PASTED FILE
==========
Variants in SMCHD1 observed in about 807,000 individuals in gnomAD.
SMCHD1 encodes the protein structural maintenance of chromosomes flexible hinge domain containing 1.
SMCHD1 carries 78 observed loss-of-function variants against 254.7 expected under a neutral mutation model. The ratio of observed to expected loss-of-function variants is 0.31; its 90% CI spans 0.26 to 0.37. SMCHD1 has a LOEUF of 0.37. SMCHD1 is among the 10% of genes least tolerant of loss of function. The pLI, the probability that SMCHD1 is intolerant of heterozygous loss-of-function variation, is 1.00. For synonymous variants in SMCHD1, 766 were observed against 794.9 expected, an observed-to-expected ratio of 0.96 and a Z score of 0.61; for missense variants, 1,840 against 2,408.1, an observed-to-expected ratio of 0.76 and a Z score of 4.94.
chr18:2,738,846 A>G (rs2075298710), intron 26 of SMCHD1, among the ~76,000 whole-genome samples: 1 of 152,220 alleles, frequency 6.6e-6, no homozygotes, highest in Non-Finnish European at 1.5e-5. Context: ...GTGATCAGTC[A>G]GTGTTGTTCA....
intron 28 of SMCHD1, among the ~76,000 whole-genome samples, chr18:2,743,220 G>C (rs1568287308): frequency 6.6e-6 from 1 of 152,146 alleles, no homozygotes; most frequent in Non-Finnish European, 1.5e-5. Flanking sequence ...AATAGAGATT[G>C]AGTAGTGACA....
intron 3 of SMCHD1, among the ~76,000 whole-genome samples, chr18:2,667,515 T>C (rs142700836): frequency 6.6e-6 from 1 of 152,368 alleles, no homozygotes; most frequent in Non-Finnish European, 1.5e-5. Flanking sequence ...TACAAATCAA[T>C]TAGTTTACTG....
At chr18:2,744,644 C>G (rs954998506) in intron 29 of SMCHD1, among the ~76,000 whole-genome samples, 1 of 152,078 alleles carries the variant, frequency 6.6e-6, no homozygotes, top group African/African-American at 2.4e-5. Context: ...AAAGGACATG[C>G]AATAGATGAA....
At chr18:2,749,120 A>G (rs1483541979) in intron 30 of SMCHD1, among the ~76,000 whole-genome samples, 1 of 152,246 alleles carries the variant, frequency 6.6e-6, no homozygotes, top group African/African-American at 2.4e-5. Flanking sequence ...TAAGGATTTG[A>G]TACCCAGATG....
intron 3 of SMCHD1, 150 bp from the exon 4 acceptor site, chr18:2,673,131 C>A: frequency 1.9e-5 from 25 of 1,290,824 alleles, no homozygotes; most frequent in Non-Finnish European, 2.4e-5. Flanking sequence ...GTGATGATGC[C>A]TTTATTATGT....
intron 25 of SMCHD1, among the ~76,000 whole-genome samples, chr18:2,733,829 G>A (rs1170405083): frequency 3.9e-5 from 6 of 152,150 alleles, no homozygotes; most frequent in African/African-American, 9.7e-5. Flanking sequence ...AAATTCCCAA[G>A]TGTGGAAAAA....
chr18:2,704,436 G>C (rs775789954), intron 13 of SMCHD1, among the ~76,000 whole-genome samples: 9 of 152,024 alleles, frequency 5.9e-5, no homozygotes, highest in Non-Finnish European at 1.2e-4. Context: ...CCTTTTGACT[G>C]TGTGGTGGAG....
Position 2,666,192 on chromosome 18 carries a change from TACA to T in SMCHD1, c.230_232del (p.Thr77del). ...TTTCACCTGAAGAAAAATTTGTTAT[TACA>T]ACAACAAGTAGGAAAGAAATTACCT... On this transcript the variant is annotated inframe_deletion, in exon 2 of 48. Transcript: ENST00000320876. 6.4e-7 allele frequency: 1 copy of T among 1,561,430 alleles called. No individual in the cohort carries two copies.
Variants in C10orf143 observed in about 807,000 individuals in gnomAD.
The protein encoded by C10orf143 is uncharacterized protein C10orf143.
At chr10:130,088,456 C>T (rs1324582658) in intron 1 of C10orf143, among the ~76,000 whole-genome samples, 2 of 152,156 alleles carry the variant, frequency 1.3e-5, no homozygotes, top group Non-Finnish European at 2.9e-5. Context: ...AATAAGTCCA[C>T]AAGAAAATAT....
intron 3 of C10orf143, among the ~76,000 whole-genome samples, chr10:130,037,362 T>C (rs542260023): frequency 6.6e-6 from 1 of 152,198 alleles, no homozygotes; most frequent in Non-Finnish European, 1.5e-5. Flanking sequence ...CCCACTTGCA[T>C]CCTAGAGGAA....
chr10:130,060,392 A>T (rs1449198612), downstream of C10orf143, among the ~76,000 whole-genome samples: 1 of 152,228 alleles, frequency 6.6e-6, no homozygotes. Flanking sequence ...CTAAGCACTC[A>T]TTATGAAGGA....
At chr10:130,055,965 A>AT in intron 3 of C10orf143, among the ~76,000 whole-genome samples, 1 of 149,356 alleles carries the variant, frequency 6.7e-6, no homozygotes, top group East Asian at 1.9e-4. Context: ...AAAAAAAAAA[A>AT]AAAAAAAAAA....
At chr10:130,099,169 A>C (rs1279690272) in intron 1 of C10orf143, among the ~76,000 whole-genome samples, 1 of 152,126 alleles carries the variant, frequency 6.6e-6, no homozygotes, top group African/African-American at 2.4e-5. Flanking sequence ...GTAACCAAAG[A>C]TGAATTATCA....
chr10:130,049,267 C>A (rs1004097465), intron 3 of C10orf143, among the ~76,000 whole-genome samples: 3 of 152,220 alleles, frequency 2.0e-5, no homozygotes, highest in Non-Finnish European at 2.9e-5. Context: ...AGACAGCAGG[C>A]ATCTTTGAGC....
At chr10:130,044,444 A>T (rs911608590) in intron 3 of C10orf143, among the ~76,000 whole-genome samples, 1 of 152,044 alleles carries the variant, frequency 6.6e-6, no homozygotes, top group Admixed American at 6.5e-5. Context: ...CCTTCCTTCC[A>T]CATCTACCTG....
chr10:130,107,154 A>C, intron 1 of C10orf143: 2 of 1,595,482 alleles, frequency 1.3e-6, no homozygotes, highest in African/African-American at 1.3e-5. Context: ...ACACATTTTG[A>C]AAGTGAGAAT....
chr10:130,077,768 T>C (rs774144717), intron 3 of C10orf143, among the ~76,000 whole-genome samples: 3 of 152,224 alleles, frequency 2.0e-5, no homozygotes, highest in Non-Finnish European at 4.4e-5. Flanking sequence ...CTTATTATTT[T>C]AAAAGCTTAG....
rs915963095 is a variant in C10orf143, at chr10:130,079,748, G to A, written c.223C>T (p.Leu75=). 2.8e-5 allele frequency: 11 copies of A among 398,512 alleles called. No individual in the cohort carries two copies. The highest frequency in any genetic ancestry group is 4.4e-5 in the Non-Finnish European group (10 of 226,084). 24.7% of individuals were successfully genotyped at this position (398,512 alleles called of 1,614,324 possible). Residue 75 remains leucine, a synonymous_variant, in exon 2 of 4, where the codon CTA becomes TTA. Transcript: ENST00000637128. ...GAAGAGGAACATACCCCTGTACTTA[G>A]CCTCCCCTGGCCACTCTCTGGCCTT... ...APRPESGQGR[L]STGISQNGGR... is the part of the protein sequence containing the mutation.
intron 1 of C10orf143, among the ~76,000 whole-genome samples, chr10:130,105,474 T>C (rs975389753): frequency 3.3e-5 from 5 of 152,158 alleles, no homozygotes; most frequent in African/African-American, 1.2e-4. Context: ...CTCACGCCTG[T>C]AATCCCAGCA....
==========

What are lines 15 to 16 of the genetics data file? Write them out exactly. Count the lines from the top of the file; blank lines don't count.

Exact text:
At chr10:130,088,456 C>T (rs1324582658) in intron 1 of C10orf143, among the ~76,000 whole-genome samples, 2 of 152,156 alleles carry the variant, frequency 1.3e-5, no homozygotes, top group Non-Finnish European at 2.9e-5. Context: ...AATAAGTCCA[C>T]AAGAAAATAT....
intron 3 of C10orf143, among the ~76,000 whole-genome samples, chr10:130,037,362 T>C (rs542260023): frequency 6.6e-6 from 1 of 152,198 alleles, no homozygotes; most frequent in Non-Finnish European, 1.5e-5. Flanking sequence ...CCCACTTGCA[T>C]CCTAGAGGAA....